2019 had been a strong year for global carry due primarily to a convergence in global sovereign bond yields, in particular the Australian bond market.  A large part of this was (and is) due to accommodative central bank policies and how such accommodation has been transmitted through investment risk-taking.  Central banks have not permanently suppressed price dispersion, but their accommodative policies have helped contribute to it. 

The market is still susceptible to sharp risk reversals such as what was observed in 4Q2018; however, these reversals have become few and far between.  This is not to suggest price dispersion is not taking place; for instance, there is widening dispersion between corporate haves and have-nots, whether in equity or corporate credit pricing.   Less-than-healthy corporate borrowers are paying a higher penalty versus their healthier counterparts.  This dispersion can also be observed in a ‘high quality’ factor where the dispersion in profitability (or return on equity) between high versus low quality companies is quite wide even if the valuation dispersions are not. 

Overall, the strategist would allocate less capital to global carry than to other strategies. Spreads in general are now below long-term averages, especially across sovereign-issued bonds.  There are fewer opportunities to capture carry going forward.

The larger debate, one in which the strategist was reluctant to speculate on, is whether global central bank policies can continue to suppress volatility in the event it ever erupts again as it did in 4Q2018 (the last major period of equity and corporate credit volatility) or during the brief bout of volatility last August/September 2019 when repo rates skyrocketed to 9%.  In particular, is the Fed trapped into providing longer-than-temporary support to repo market operations?  What would happen in the event they do try to exit?  Would extended market volatility force them to reverse their exit just like the market forced the Fed to reverse its 2018 policy rate hikes and pursuit of monetary policy normalization?

Keep Calm and Carry On?

The knock-on effects to global growth from the coronavirus pandemic have not fully manifested themselves yet, but U.S. asset pricing seems to be taking the pandemic in stride as U.S. equity benchmarks reach new highs and corporate credit spreads remain narrow (outside of energy borrowers).  How much of this can be attributed to an accommodative Fed, how much of it due to the resilient U.S. economy, and/or how much of it can be attributed to high corporate profitability (helped in part by share repurchases) remains to be seen.  But investors seeking ‘carry’ will find opportunities wanting in the current risk regime.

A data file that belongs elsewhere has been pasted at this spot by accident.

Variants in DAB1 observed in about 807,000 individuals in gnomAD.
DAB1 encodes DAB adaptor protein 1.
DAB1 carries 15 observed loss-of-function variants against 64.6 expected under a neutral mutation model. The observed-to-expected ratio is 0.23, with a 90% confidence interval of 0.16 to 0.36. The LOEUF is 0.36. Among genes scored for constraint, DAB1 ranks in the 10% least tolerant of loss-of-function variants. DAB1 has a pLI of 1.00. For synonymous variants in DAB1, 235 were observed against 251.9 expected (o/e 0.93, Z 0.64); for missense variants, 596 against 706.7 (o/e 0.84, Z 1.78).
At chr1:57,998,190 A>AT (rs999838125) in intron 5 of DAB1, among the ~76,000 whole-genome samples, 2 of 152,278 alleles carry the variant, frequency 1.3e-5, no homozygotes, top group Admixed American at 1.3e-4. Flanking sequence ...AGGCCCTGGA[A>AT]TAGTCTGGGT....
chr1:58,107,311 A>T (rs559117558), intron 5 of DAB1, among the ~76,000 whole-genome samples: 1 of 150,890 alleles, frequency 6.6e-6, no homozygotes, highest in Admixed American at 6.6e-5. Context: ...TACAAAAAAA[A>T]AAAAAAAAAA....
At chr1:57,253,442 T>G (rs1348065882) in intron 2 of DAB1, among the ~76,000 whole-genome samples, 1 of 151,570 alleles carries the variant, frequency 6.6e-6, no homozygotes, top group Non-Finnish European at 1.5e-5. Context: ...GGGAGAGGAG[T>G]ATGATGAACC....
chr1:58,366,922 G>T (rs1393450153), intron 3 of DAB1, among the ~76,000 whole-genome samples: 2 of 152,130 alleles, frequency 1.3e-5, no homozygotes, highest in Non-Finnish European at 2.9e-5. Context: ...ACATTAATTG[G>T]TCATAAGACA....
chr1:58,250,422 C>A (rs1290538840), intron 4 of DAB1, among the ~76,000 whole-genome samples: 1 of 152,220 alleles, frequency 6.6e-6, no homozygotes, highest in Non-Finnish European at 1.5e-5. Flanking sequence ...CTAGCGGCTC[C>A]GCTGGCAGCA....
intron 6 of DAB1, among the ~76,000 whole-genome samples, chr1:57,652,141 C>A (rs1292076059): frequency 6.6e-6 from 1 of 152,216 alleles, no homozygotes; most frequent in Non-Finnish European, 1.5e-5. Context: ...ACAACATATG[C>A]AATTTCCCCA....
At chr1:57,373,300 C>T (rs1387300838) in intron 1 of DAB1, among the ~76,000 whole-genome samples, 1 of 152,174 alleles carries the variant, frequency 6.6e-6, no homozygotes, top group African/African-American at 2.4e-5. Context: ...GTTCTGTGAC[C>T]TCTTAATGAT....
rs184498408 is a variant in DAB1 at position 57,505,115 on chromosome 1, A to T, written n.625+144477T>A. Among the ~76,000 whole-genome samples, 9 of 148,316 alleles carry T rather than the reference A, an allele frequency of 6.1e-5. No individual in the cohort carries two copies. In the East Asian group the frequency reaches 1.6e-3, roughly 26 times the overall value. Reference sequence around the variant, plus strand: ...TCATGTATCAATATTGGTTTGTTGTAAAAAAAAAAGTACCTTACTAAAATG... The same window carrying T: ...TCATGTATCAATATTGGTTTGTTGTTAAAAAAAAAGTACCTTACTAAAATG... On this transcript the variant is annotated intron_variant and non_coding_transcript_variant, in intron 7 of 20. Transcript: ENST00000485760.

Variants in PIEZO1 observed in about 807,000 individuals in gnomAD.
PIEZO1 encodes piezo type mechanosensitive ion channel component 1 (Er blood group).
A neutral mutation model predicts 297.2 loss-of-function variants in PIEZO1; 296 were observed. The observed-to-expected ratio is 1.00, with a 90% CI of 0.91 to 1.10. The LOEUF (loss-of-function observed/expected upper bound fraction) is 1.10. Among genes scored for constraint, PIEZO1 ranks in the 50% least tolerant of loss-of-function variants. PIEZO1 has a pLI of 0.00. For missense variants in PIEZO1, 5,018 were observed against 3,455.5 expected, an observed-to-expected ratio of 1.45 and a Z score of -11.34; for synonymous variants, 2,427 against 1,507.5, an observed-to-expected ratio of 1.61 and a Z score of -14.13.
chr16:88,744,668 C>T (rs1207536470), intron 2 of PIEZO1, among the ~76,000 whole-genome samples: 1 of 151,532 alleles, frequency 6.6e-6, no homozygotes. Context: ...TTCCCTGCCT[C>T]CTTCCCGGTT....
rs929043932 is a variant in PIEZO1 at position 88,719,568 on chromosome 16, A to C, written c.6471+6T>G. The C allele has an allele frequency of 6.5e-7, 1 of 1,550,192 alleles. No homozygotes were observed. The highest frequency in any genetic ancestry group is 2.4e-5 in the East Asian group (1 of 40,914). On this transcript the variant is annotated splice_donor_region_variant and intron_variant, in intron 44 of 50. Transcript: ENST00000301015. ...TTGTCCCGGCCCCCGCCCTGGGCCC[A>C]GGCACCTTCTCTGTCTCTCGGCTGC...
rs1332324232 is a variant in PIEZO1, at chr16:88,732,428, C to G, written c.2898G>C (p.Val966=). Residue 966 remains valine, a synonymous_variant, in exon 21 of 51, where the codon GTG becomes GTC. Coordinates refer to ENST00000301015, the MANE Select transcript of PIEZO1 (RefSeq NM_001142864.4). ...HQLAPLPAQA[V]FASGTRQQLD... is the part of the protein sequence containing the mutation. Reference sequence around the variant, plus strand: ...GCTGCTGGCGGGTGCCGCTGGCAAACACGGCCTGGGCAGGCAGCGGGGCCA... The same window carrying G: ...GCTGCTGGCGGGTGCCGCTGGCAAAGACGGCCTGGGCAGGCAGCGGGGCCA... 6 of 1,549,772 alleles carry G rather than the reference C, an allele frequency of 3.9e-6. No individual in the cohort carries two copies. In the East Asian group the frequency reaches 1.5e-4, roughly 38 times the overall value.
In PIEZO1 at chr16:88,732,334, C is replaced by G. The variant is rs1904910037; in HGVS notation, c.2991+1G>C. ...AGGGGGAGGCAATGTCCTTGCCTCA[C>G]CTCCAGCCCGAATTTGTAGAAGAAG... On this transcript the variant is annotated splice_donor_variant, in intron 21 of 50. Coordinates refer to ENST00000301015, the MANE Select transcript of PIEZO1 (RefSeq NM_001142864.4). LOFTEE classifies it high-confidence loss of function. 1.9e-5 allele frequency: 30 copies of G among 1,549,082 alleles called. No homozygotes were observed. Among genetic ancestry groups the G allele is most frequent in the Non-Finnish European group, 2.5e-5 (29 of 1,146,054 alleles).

Disclosures:

The above is the opinion of the author and should not be relied upon as investment advice or a forecast of the future. It is not a recommendation, offer or solicitation to buy or sell any securities or implement any investment strategy. It is for informational purposes only. The above statistics, data, anecdotes and opinions of others are assumed to be true and accurate however 3D Asset Management does not warrant the accuracy of any of these. There is also no assurance that any of the above are all inclusive or complete. 

3D does not approve or otherwise endorse the information contained in links to third-party sources. 3D is not affiliated with the providers of third-party information and is not responsible for the accuracy of the information contained therein.

Past performance is no guarantee of future results. None of the services offered by 3D Asset Management are insured by the FDIC and the reader is reminded that all investments contain risk. The opinions offered above are as of February 14, 2020 and are subject to change as influencing factors change.

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By: Benjamin Lavine